Hundreds of thousands more vulnerable energy customers will be able to access a register to get support with meter readings and identifying supplier representatives from the start of next year, under new Ofgem rules.

The regulator is taking steps to strengthen the existing Priority Services Register for vulnerable customers. Those on the register are entitled to extra support from their suppliers in the form of free meter readings, advance notice of planned power outages and assistance with identifying visiting supplier representatives.

From January 2017 the following changes will take place:

  • Suppliers will be required to take "all reasonable steps" to identify vulnerable customers and offer to place them on the register.
  • Eligibility rules will be broadened so more customers can join the register. For example, mental health issues or physical injuries could now qualify customers for the extra help.

About 3.6 million electricity and three million gas customers (13% of customers for both fuels) are currently signed up to the register, which is open to those who are disabled, chronically sick or of pensionable age.

However, Ofgem research has found that less than a quarter of energy customers know about the support on offer, and this is "partly because... [they] have to ask for it".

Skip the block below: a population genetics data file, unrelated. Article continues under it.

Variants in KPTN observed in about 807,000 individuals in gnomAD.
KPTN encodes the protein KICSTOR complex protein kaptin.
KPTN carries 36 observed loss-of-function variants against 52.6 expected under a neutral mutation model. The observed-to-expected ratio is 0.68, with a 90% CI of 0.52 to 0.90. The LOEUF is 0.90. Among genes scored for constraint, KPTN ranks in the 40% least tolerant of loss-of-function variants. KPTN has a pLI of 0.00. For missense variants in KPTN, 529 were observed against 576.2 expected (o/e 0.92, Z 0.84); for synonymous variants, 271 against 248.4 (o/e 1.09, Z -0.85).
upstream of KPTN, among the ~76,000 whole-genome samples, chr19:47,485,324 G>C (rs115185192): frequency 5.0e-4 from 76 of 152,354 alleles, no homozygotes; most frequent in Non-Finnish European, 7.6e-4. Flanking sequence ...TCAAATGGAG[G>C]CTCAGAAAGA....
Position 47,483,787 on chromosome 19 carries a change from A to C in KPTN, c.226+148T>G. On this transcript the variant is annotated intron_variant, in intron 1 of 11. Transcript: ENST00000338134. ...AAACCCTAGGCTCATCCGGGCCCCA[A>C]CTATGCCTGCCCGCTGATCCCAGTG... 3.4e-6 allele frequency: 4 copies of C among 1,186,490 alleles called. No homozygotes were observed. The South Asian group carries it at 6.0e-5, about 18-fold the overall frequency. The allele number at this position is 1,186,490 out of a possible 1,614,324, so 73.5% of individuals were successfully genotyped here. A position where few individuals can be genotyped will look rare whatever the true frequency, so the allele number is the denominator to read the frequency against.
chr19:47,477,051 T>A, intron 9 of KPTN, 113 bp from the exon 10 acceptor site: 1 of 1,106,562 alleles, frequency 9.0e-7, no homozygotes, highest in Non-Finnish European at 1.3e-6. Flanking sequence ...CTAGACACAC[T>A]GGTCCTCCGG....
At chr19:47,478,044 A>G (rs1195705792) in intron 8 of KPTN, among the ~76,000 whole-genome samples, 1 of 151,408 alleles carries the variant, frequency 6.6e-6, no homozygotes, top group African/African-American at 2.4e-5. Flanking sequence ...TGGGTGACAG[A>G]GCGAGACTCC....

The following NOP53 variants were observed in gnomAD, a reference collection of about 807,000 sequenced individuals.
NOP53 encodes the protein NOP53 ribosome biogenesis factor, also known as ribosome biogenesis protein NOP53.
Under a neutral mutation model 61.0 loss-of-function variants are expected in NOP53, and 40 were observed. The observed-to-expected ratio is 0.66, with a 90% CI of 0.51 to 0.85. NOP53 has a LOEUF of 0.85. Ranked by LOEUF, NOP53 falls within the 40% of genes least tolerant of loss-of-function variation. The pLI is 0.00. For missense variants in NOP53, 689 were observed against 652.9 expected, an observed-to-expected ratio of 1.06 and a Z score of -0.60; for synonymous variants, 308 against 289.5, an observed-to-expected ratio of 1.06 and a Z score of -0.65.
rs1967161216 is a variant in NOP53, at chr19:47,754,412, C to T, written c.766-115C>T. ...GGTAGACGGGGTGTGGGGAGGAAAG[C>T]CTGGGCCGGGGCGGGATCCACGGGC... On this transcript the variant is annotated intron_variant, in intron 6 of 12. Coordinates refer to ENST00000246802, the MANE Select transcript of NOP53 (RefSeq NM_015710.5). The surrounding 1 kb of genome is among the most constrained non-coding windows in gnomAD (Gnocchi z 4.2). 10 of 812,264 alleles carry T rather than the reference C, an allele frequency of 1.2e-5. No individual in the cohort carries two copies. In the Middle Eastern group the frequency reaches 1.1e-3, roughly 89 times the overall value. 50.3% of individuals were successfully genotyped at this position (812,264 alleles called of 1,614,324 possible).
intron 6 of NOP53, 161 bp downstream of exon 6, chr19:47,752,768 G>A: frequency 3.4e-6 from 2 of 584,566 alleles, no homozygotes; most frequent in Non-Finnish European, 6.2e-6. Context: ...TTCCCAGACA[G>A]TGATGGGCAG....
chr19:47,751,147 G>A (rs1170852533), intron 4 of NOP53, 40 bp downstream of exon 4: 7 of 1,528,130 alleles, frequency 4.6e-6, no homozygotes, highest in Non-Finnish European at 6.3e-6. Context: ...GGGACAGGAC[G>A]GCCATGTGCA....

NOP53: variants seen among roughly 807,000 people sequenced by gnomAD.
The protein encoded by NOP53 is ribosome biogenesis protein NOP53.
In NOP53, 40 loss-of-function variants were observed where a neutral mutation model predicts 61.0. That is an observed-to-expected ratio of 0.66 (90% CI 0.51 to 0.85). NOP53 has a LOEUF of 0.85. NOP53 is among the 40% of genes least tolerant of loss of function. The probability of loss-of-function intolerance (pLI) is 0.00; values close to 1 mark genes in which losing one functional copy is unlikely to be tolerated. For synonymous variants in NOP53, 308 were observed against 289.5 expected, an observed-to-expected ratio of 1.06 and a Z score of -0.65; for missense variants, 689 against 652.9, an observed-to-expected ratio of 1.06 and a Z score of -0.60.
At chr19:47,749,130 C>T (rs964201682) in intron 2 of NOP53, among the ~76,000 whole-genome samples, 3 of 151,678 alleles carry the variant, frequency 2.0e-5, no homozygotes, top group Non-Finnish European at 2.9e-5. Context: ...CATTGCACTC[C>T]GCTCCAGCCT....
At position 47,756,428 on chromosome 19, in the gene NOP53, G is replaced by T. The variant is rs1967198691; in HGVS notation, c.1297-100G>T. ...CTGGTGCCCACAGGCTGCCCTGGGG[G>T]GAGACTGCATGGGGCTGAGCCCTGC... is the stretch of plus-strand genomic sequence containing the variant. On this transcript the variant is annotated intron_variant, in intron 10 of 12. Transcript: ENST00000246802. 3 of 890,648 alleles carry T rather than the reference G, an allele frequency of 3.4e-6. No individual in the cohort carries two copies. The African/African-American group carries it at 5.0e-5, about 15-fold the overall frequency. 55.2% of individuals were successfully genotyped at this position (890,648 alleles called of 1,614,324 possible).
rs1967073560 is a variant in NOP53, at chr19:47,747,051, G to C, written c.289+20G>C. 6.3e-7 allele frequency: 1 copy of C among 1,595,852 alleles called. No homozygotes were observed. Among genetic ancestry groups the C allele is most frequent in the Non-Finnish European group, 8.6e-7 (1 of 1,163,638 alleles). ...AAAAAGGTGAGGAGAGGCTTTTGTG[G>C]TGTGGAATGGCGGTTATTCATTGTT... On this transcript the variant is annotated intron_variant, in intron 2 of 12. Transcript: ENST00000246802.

What extra help do suppliers provide via the register?

Those on the register currently get extra support from suppliers and power networks, including:

  • A password so they can safely identify representatives who visit their homes
  • Readings for customers who struggle to read their meters
  • Advance notice of power cuts and information on any help available during emergencies

Ofgem believes the change in eligibility rules will mean hundreds of thousands more customers could benefit from being on the register.

What does Ofgem say?

Ofgem senior partner Rachel Fletcher says: "Energy is an essential service. We want to see more consumers in vulnerable situations protected. That's why we're working with energy companies to make changes to priority services so many more consumers get the tailored help that they need.

"Suppliers will also be obliged to take all reasonable steps to identify these customers and offer them the free services. This means picking up on signs of vulnerability from their day-to-day interactions with customers. This is vital as previous research from Ofgem shows that only 24% of consumers are aware this support exists. This is partly because customers have to ask for it."